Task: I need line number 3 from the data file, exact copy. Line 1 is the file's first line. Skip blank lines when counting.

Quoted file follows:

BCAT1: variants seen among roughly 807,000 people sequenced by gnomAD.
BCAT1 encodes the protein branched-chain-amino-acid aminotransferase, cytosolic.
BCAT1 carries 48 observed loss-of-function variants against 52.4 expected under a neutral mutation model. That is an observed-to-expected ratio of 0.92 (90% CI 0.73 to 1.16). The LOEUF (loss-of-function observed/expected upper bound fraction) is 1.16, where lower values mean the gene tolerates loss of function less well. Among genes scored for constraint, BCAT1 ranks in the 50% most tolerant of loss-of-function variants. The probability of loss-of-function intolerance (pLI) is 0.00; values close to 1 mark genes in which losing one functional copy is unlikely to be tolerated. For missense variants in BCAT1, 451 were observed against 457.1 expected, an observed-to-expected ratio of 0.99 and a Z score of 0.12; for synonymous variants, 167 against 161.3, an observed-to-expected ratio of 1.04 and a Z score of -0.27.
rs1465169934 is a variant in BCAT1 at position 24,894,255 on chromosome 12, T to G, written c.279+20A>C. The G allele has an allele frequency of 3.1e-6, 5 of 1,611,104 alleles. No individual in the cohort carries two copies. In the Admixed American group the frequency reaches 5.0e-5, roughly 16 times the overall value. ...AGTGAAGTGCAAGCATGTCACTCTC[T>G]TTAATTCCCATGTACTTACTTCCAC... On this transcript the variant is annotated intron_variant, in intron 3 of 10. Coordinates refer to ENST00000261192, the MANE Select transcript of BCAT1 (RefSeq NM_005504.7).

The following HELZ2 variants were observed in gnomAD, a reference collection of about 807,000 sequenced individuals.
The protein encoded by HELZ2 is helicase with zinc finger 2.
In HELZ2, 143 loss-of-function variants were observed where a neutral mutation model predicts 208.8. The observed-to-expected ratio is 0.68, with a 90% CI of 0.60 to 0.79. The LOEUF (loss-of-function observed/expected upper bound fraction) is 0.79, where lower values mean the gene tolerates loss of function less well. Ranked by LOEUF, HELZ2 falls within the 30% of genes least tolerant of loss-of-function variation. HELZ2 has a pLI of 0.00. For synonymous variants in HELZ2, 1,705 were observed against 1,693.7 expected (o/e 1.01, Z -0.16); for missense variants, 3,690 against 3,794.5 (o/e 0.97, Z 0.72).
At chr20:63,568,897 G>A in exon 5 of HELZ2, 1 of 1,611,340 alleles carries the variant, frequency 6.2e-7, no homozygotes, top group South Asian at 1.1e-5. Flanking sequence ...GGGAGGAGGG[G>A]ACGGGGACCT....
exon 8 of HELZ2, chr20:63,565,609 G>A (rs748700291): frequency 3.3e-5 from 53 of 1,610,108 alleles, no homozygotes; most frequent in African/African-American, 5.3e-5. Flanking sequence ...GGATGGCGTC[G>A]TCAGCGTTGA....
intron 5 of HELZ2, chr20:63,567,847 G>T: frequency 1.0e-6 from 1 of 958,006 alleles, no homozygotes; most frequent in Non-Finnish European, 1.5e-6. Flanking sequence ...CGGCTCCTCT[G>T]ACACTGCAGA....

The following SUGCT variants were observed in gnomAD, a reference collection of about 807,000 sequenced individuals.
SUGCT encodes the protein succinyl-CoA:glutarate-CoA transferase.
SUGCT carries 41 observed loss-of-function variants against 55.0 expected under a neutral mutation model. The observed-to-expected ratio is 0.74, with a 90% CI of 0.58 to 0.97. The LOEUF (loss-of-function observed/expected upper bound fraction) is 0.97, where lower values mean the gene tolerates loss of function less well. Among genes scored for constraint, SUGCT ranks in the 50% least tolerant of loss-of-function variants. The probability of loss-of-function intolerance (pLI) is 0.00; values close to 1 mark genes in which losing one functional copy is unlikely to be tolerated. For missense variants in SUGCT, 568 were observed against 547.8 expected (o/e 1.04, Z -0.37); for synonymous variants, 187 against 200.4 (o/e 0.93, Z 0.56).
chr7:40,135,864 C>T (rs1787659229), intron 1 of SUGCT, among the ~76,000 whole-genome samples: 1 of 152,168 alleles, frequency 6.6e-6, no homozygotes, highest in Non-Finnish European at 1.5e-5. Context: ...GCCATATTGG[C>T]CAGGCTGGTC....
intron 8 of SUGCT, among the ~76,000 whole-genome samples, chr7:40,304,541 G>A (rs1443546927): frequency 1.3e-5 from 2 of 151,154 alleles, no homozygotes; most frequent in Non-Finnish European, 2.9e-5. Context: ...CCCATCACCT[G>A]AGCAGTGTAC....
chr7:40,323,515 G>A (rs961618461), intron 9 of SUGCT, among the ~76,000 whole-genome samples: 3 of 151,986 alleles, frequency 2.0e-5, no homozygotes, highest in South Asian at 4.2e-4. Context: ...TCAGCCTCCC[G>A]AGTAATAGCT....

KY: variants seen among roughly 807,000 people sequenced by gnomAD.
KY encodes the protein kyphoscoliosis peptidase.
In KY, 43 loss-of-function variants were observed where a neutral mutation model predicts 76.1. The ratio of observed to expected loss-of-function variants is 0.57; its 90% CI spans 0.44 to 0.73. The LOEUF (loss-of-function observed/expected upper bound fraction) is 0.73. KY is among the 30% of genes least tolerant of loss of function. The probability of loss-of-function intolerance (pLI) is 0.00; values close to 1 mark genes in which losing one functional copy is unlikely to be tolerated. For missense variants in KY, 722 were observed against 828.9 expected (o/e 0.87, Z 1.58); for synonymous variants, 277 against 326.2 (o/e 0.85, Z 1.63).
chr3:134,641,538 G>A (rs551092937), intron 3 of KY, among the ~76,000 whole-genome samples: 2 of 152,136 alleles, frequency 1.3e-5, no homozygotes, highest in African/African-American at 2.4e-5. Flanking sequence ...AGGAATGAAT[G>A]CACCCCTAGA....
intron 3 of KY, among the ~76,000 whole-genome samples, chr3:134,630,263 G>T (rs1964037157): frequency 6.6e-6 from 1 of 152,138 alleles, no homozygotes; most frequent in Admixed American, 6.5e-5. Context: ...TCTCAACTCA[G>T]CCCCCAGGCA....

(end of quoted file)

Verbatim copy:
BCAT1 carries 48 observed loss-of-function variants against 52.4 expected under a neutral mutation model. That is an observed-to-expected ratio of 0.92 (90% CI 0.73 to 1.16). The LOEUF (loss-of-function observed/expected upper bound fraction) is 1.16, where lower values mean the gene tolerates loss of function less well. Among genes scored for constraint, BCAT1 ranks in the 50% most tolerant of loss-of-function variants. The probability of loss-of-function intolerance (pLI) is 0.00; values close to 1 mark genes in which losing one functional copy is unlikely to be tolerated. For missense variants in BCAT1, 451 were observed against 457.1 expected, an observed-to-expected ratio of 0.99 and a Z score of 0.12; for synonymous variants, 167 against 161.3, an observed-to-expected ratio of 1.04 and a Z score of -0.27.